In the fifth and last subsection of this sixth chapter of Being as Communion, Zizioulas turns his attention to whether we can speak of the validity of ministry and the implications that this has for the relations between Christian communities, and especially for the relations between those who have an episcopate and those who do not. He points out that “validity” is a juridical term that suggests that ministry can be isolated from the rest of ecclesiology and that it appeals to “objective criteria” such as “faith” or “historical apostolic succession” that originally formed part of an organic community, and that
Their meaning, therefore, depends constantly on their natural context, which is the community. We have seen, for example, how this is the case with apostolic succession. The same must be remembered with regard to “faith”: the “symbols” or “confessions” of faith were not in the early Church autonomous statements, as they are today in dogmatic manuals, but integral parts of the life and especially the worship of the community; they started as baptismal creeds and were adopted and used again as confessions for baptismal and eucharistic use. The great methodological error in the classical theories of “validity” therefore is that they tend to go to the unity of the community via these criteria, as if the latter could be conceived before and regardless of the community itself. (243)
Instead of seeing a ministry as validated by isolated and objectified “norms” we should rather see the community as validating this ministry. While this will eventually lead to “criteria,” these should be seen as arising out of the community. This means that the question becomes one of the recognition of communities and “the way in which a community relates itself to God, to the world and to other communities.” (244) While the forms of ministry may vary, the structure of the community implies something permament.
Just as the baptismal structure of the community is not basically changed by this conditioning, so in the same way the eucharistic structure must be understood as implying something permanent, its permanence being dictated precisely by its existential and eschatological nature. Similarly, it is not possible to avoid structures that express in a relational existential and eschatological way the identity of each community with those of the past, especially with the original apostolic communities, and with those of the present, implying a constant openness to the future. To take an example, the real issue between the episcopally and the non-episcopally structured communities of today would become in this approach whether or not episcopacy is essential to the Church’s proper relation with God and the world, i.e. whether or not a community with episcopacy can feel and existential identity with a community which has no episcopacy. It is in this sense that recognizing a ministry is a matter of recognizing a community. (245)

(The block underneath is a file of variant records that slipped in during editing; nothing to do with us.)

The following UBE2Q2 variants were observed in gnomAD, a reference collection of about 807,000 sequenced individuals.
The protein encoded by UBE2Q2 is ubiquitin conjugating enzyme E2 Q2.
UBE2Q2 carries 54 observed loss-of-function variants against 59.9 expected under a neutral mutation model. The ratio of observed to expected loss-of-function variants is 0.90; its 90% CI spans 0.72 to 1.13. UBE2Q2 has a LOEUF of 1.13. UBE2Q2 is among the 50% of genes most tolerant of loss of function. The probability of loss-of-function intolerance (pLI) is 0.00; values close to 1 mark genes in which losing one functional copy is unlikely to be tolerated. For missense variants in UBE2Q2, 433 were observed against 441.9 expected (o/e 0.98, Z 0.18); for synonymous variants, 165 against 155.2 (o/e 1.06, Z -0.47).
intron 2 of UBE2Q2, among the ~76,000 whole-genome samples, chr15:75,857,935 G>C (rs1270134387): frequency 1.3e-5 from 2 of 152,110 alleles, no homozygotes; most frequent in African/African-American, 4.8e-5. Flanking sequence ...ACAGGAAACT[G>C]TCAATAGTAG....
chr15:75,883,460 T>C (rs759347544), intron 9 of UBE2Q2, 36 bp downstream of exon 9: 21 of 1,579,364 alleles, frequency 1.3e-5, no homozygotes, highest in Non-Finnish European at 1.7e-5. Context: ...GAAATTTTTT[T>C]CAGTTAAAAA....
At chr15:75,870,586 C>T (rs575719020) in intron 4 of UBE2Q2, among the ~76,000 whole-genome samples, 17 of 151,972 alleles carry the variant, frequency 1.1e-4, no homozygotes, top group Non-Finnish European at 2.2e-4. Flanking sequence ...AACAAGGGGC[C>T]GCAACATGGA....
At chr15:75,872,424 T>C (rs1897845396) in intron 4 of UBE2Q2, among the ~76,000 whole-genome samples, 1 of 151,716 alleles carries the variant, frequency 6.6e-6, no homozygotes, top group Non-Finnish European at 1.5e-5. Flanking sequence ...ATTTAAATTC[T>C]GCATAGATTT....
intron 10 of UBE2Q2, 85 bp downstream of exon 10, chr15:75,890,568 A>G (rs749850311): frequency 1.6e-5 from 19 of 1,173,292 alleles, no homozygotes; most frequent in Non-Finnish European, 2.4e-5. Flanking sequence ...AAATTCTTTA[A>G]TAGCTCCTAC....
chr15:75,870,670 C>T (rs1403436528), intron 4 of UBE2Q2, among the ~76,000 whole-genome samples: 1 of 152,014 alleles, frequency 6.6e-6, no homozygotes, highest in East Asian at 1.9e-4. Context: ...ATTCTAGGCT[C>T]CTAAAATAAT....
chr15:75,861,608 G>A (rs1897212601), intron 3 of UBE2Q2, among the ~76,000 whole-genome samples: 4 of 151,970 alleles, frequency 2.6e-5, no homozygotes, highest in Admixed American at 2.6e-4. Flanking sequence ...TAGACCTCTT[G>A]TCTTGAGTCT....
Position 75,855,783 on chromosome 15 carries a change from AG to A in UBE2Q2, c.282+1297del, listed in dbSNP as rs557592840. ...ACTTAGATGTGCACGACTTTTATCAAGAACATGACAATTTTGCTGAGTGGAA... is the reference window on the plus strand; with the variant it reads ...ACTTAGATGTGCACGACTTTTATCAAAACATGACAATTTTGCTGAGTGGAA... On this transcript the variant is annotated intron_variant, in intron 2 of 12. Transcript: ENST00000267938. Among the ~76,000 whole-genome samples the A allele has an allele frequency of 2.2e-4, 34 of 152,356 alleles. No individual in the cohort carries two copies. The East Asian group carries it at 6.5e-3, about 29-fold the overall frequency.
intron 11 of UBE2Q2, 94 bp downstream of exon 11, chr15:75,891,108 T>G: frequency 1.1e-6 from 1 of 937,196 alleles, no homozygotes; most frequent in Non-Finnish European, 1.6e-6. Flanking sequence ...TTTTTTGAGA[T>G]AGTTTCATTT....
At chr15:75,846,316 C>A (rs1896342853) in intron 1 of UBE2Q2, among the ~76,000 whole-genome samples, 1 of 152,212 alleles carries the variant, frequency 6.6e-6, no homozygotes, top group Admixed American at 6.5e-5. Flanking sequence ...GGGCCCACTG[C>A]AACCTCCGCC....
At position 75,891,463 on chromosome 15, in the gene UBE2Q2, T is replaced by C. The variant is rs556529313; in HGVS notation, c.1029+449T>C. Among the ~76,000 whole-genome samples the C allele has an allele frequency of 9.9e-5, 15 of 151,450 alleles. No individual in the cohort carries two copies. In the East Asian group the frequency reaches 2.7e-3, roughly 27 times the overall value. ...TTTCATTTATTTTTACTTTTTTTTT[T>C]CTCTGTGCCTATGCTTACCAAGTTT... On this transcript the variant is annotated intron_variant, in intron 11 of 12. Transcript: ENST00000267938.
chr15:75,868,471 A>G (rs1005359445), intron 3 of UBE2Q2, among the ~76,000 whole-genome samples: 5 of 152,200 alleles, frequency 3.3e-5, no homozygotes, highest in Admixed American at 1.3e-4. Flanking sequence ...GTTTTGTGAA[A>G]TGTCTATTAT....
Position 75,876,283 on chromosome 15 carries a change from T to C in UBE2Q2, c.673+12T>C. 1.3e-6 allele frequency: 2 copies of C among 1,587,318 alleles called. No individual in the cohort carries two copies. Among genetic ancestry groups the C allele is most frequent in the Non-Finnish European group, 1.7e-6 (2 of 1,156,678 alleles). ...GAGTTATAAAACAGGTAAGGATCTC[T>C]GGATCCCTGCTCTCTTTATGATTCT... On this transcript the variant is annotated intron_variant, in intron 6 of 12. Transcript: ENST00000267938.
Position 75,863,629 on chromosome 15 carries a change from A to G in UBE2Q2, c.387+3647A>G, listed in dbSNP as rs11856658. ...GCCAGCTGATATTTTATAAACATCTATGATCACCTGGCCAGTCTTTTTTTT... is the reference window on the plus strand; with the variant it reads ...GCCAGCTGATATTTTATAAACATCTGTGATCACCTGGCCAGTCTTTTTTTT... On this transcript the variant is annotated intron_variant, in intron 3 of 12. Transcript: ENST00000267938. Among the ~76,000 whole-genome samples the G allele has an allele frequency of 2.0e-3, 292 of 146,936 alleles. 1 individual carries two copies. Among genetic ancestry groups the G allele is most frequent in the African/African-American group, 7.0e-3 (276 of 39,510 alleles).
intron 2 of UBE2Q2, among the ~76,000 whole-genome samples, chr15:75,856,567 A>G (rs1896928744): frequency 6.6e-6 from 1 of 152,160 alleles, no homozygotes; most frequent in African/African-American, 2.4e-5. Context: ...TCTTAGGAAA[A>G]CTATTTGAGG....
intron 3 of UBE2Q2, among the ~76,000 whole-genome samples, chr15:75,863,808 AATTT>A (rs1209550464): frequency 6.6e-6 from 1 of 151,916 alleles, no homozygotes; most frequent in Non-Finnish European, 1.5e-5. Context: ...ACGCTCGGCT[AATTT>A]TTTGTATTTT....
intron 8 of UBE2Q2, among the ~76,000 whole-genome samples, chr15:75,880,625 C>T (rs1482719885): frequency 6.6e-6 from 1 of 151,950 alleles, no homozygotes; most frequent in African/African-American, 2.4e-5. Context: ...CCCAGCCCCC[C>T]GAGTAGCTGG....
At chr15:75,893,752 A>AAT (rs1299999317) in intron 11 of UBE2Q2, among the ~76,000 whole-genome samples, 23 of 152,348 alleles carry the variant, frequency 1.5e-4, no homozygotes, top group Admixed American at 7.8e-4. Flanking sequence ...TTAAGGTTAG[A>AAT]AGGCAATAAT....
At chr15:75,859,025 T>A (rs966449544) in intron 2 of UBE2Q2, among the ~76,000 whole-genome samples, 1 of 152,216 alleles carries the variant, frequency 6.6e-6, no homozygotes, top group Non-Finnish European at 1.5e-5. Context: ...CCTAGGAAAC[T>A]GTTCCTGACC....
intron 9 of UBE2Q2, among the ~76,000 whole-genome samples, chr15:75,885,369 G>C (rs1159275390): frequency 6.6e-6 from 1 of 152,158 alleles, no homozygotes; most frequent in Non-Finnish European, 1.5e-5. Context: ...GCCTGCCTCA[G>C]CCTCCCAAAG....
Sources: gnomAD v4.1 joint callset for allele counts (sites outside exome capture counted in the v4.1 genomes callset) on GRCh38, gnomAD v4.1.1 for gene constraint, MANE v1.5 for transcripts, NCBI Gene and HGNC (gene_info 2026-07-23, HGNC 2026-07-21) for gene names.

Seen in this context, the recognition of orders cannot be seen as a matter of “economy” as is often done by Orthodox theologians, for “‘validity’ is not something to be graciously, as it were, granted by one who ‘has’ to one who ‘has not.'” (245) The Church cannot recognise a sacramental reality that does not exists, for the validity of ministry involves an existential rather than a juridical matter and is concerned with the fundamental relational nature of the Church rather than simply an arrangement.